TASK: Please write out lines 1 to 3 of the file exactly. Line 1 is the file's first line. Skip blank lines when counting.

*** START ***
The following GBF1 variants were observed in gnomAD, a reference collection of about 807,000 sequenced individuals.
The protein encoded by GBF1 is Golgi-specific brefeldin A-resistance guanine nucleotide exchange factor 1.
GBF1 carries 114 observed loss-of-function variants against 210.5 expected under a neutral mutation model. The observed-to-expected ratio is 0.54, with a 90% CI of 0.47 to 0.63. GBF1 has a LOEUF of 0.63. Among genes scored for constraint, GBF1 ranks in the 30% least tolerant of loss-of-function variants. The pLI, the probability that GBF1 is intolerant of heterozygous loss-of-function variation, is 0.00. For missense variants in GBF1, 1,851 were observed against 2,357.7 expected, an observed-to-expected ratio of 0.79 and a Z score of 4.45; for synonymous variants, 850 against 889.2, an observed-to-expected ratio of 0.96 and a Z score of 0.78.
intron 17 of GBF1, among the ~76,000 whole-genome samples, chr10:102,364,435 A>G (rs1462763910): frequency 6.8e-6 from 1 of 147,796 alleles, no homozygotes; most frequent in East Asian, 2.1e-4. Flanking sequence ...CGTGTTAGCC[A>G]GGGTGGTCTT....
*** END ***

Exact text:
The following GBF1 variants were observed in gnomAD, a reference collection of about 807,000 sequenced individuals.
The protein encoded by GBF1 is Golgi-specific brefeldin A-resistance guanine nucleotide exchange factor 1.
GBF1 carries 114 observed loss-of-function variants against 210.5 expected under a neutral mutation model. The observed-to-expected ratio is 0.54, with a 90% CI of 0.47 to 0.63. GBF1 has a LOEUF of 0.63. Among genes scored for constraint, GBF1 ranks in the 30% least tolerant of loss-of-function variants. The pLI, the probability that GBF1 is intolerant of heterozygous loss-of-function variation, is 0.00. For missense variants in GBF1, 1,851 were observed against 2,357.7 expected, an observed-to-expected ratio of 0.79 and a Z score of 4.45; for synonymous variants, 850 against 889.2, an observed-to-expected ratio of 0.96 and a Z score of 0.78.